Your Questions Answered!
I get asked a lot of questions. “What does Don smell like? Did you mean to set that on fire? Why are the townsfolk outside with pitchforks and torches AGAIN?” For legal and moral reasons I can’t always answer those questions, but sometimes the fates are kind and I am happy to share my wisdom with Explosions Inc.’s loyal fans. This week I’ll open up the mailbag and serve up some hot steamy knowledge in our first installment of:
FLAMING HUNKS OF SCIENCE!
Question: Why does scientific discovery take so long? -M. Curie, New Madrid, MO
Answer: Picture the history of scientific achievement as a river. From afar it’s placid surface lulls us into a false sense of serenity. But, unbeknownst to the casual observer, a closer look reveals the raging currents of intellectual reasoning, the submerged rocks of accidental discovery, the flotsam and jetsam of scientific ego, the little skittery-legged thingies of curiosity. Oh man, those water striders are the coolest. And a killer example of surface tension. Their low weight and the way it’s distributed over a large area allows them to walk over the surface of the water. You know, I’ve always been curious to put one of those things on the surface of a bowl of water and then add a few drops of dish detergent and see what happens. The soap decreases the surface tension and I wonder if it would go low enough that the water strider would fall through the surface of the water. But I don’t know if water striders can swim, or if they’d be harmed by the detergent, and really, it seems a little cruel to trap a living creature just to lab-drown it.
In summary, yes, the ethics of scientific experimentation are a constant concern to today’s researchers.
Question: Why do scientists believe in the Big Bang Theory? -Willy Herschel, Walla Walla, WA
Answer: Because CBS keeps renewing the actors' contracts. Haha! No, I kid. That show is terrible.
The Big Bang Theory is a cosmological theory that attempts to explain the early actions of the universe and why the universe looks roughly homogeneous today. Immediately after forming as a singularity, the universe went through a period of rapid expansion. To this day galaxies are receding from each other and us at speeds proportional to their distance. It might help if you get yourself a balloon. One of the party balloons with a saying or design that becomes visible as the balloon inflates. Now blow into the balloon and observe as the designs on the outside of the latex recede from each other at the same rate. As the balloon inflates and the tension increases, the latex becomes stretched and, if you rub it against your shirt you’ll notice a fuzzy, prickly feeling. This is caused by electrons being stripped from your the atoms of your shirt and collecting on the balloon, giving it a negative charge. Now you can stick that balloon to your hair, the wall, or any other positively or neutrally charged object, like a cat. The balloon and the object of your choice will be attracted to each other until the electrons are somewhat evenly distributed again.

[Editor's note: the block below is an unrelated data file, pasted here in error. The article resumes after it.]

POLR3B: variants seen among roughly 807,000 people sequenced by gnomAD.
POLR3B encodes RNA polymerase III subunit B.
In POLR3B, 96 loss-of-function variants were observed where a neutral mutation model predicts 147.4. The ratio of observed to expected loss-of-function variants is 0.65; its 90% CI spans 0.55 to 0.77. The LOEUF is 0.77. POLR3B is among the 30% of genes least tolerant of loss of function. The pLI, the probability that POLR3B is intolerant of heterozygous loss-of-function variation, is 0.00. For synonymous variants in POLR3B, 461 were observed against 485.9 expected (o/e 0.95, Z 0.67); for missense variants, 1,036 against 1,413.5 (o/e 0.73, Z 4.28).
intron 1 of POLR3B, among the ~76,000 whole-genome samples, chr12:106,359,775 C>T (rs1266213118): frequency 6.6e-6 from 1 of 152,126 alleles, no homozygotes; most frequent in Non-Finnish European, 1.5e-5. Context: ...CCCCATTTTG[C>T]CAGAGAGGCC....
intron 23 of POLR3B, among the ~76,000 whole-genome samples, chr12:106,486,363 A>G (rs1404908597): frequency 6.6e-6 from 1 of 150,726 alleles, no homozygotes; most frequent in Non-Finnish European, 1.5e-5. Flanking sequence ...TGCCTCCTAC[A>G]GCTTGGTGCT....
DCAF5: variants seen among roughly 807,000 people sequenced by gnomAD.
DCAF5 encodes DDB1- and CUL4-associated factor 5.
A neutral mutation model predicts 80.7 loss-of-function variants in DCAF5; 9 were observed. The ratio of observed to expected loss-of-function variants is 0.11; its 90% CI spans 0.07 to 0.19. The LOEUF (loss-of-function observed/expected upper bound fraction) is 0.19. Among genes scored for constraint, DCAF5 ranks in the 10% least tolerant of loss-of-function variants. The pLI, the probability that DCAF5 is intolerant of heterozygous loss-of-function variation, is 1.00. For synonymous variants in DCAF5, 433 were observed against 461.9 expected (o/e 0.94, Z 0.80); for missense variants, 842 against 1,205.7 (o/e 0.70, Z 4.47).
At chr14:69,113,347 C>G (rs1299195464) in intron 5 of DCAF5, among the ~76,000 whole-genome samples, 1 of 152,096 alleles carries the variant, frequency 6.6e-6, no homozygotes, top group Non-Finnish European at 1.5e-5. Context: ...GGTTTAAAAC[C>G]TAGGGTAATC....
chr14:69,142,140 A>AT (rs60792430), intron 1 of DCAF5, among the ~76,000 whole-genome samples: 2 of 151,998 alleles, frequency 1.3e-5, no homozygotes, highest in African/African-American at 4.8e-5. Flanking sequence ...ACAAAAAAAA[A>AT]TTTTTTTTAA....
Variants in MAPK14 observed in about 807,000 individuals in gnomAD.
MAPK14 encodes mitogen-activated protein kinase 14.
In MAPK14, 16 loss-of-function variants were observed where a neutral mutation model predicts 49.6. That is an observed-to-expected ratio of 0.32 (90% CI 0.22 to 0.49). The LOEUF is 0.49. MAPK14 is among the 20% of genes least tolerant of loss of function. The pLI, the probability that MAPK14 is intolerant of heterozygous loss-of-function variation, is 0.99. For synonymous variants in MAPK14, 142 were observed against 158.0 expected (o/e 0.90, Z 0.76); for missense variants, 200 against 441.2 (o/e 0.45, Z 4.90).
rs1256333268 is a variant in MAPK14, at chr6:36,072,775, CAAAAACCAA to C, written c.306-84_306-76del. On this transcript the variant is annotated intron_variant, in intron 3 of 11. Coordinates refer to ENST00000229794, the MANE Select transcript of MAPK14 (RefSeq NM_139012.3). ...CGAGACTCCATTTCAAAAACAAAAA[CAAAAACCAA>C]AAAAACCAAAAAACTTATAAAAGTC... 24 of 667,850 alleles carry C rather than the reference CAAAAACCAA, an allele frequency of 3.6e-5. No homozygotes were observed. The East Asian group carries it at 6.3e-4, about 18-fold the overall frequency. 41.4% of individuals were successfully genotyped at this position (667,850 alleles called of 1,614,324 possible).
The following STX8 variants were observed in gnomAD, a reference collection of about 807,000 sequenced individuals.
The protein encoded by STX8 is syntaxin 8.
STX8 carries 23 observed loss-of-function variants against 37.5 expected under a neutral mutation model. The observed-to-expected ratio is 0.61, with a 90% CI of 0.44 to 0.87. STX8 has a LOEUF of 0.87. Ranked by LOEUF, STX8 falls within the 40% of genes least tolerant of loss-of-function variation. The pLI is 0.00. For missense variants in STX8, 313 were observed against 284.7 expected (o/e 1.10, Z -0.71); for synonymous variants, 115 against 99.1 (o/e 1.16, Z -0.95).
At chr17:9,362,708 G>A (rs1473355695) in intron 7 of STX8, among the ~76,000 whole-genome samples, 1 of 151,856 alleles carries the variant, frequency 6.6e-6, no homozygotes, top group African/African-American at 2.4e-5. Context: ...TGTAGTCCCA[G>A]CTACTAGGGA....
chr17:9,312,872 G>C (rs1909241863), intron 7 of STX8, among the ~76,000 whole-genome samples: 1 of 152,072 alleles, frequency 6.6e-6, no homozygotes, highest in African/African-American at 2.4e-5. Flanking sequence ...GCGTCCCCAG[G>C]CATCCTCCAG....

And that is how static electricity works.
Question: Why is faster than light travel impossible? -Al E. Princeton, NJ
Answer: Oooh, good one. The speed of light is known as a “constant”, meaning it stays the same no matter what. Which is kind of a misnomer as light can travel up to the speed of light (186,000 miles/second or roughly 300,000,000 meters/second) through open space but can and will go slower, depending on the medium it travels through. The reason is all about that mass. A photon (particle of light) has theoretically no mass and can travel up to the speed limit for light. Any other particle has mass and, thanks to a little ditty penned by noted scientist and fashion maven, Albert Einstein, we know that as a particle’s speed increases, so does its mass. In a celebrated thought experiment, Einstein envisioned a stationary box floating in deep space. Inside the box a particle is emitted, travelling left to right. If this particle hits a geiger counter, a small vial of poison gas is broken open and the cat dies. However, until the box is opened and the waveform collapsed, one cannot be sure if the cat is alive or dead. It is suggested that the original experiment involved an explosive device rather than a radioactive isotope.
And that is how the phrase “more than one way to skin a cat” came into being.
That’s it for this week’s serving of FLAMING HUNKS OF SCIENCE! If you have a question you’d like answered, let us know in the comments.